28th Sep2015

LFF 2015: ’21 Nights With Pattie’ Review

by Mark Allen

Stars: Isabelle Carré, Andre Dussollier, Denis Lavant, Sergi López, Mathilde Monnier, Laurent Poitrenaux, Philippe Rebbot, Karin Viard | Written and Directed by Arnaud Larrieu & Jean-Marie Larrieu


Shortly after her estranged mother’s death, middle-aged Caroline travels to her palatial house in the country to settle affairs and bury her. She intends to stop for a night, attend the ceremony and head back to Paris the next day but her mother’s fun-loving friend Pattie, the local scoundrels, and a mysterious older man named Jean have other ideas – and that’s even before the body goes missing…

21 Nights with Pattie is all over the place tonally, dealing as it does in necrophilia, romantic frustration, parenthood, sexual liberation and ghosts dancing on tables, but it’s a more enjoyable ride than you might expect. Caroline is the nominal protagonist, trying to discover who (if anyone) took her mother’s body while getting to know the locals who live in the three nearby villages in the process of having a three-night party, but she’s an audience surrogate for the most part, there to listen to the other characters reveal themselves and their relationships to her mum.

The titular Pattie delves deep into her well of sexual escapades to share with Caroline – mostly with disappointing or otherwise untenable local men (including Denis Lavant in hyperactive wolf mode) – while latecomer Jean, who may or may not be a famous author and Caroline’s father, expresses at length his disgust at the notion that a necrophile may have desecrated his “old friend’s” body. Caroline sits back and lets this wash over her for the most part, getting a feel for the life of a woman we learn she hardly knew and resents for it. Her passivity is intended to be noticed; throughout the stories we’re given reaction shots of Caroline trying to figure out why people are so open to her when she is so closed.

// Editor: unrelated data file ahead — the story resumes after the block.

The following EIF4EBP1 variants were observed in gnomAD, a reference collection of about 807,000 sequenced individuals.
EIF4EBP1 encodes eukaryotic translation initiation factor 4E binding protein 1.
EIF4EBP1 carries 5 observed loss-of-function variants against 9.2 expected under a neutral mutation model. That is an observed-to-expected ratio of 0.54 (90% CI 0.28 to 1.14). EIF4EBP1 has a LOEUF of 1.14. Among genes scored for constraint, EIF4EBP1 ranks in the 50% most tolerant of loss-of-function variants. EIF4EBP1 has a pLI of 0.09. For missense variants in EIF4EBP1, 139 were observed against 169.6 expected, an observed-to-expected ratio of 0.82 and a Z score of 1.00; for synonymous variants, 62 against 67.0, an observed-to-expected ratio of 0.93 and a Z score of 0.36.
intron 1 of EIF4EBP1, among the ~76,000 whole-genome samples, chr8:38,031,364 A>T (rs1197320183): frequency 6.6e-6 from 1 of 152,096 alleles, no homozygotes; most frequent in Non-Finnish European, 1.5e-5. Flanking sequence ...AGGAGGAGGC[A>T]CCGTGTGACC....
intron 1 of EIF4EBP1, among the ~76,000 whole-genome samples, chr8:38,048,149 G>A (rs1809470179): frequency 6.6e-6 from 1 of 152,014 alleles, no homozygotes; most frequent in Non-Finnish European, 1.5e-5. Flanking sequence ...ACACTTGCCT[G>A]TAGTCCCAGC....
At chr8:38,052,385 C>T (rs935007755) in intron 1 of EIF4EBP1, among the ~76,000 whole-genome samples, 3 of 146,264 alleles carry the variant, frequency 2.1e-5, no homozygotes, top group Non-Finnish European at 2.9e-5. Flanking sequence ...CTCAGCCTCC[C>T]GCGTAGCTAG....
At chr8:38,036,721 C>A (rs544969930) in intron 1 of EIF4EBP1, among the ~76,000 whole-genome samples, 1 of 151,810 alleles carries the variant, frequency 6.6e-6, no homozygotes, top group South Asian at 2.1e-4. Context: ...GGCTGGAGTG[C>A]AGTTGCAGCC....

There’s a bohemian vibe to proceedings, with characters drifting in and out of Caroline’s temporary home, relationships sparking (and in some cases sputtering) in mere moments. Writer-directors the Larrieus don’t offer any particularly striking images other than the gorgeous French countryside, but they’re more interested in the insular soap opera they’re creating – one whose relationships are founded on both the absence and presence of a loved one.

It’s hard to get a handle on the direction of 21 Nights with Pattie, but that feels intentional. Caroline never shows her grief in a conventional way, so her feelings are processed through filters of different flavours: a nighttime dance with Lavant, who would really like a quickie but will settle for a quick-step; a hallucinatory dance sequence seemingly only performed for the audience; a moonlit revelation overheard in a graveyard that should shock but seems only to resolve. Characters respond to strange occurrences with laid-back acceptance, as though this were the way the world was always meant to be and some of that rubs off onto Caroline, who finds a kind of refreshment through her frustrations with her new acquaintances.

The journey isn’t entirely convincing and the themes thinly drawn, but 21 Nights with Pattie offers some diverting comedy and a monologue about the allure of dead bodies that festival-goers won’t soon forget…

21 Nights with Pattie is showing at the BFI London Film Festival, which runs from 8-17 October. Click here for tickets and more information.


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